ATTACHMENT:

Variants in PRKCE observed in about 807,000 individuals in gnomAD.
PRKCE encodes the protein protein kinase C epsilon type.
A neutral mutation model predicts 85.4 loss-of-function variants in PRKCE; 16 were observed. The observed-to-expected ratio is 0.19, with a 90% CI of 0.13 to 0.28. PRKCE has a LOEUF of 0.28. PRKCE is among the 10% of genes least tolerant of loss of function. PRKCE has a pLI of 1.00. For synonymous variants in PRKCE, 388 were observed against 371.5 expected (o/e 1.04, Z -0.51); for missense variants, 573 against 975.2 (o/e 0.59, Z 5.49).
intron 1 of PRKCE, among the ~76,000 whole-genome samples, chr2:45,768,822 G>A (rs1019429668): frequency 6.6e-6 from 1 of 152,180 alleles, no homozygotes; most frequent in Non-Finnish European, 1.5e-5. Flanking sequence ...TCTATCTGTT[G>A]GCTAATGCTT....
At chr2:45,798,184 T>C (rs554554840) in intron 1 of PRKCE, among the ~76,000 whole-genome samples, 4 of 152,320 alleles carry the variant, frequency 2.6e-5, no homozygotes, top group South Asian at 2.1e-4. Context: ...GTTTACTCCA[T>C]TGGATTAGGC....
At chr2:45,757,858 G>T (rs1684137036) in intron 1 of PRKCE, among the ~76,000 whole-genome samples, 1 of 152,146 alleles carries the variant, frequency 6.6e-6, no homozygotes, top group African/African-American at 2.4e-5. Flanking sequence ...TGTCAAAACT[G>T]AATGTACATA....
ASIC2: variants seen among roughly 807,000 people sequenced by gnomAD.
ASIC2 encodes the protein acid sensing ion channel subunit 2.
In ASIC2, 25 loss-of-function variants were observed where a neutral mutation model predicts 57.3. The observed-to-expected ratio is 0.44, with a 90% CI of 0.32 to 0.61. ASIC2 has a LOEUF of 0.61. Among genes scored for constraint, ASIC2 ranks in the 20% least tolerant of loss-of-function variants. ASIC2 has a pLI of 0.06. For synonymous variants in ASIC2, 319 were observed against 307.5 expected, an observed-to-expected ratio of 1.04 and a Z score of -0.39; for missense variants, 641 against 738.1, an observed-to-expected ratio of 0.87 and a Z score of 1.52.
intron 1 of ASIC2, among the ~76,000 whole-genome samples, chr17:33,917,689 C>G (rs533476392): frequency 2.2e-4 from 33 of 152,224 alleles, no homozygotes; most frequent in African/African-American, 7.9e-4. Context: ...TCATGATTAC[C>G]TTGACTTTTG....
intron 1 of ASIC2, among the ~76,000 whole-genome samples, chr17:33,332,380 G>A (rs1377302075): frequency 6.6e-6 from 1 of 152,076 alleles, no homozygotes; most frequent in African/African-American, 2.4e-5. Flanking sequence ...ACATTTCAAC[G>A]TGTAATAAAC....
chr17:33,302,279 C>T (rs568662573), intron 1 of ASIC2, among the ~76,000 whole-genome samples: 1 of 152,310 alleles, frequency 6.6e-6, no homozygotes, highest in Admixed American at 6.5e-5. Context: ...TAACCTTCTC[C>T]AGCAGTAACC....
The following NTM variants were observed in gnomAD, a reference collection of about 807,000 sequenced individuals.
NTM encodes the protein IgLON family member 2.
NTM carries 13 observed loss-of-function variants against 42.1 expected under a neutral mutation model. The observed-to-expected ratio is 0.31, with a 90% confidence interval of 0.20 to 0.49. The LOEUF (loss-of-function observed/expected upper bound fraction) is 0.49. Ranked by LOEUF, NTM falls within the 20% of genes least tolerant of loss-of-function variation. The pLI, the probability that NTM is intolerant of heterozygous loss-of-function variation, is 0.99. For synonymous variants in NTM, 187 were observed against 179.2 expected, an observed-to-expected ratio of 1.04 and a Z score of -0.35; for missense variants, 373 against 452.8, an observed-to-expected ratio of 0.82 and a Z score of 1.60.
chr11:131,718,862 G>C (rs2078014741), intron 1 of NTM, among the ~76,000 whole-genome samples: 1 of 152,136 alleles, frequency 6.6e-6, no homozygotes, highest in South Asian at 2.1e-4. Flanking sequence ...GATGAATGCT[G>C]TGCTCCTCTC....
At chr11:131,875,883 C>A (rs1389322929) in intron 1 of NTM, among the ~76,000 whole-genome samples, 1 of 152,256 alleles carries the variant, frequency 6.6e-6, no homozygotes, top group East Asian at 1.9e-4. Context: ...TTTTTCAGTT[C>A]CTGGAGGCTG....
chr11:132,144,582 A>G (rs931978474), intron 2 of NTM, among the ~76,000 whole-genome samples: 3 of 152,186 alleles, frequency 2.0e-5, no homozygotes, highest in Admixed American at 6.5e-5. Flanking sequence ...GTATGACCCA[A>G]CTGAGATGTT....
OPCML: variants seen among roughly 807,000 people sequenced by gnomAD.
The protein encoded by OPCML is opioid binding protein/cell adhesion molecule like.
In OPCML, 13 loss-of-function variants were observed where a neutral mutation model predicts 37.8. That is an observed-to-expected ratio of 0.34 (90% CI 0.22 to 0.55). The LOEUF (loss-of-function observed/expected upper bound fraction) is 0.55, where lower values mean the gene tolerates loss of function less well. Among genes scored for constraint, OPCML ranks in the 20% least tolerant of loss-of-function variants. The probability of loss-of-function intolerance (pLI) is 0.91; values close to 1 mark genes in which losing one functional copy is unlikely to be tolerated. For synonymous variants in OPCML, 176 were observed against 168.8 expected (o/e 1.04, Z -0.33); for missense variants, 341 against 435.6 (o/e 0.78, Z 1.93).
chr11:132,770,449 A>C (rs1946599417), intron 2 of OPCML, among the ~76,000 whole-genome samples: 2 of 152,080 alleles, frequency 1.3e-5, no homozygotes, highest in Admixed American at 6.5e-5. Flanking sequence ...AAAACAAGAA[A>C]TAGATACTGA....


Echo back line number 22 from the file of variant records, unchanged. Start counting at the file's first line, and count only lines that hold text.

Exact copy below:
chr11:132,770,449 A>C (rs1946599417), intron 2 of OPCML, among the ~76,000 whole-genome samples: 2 of 152,080 alleles, frequency 1.3e-5, no homozygotes, highest in Admixed American at 6.5e-5. Flanking sequence ...AAAACAAGAA[A>C]TAGATACTGA....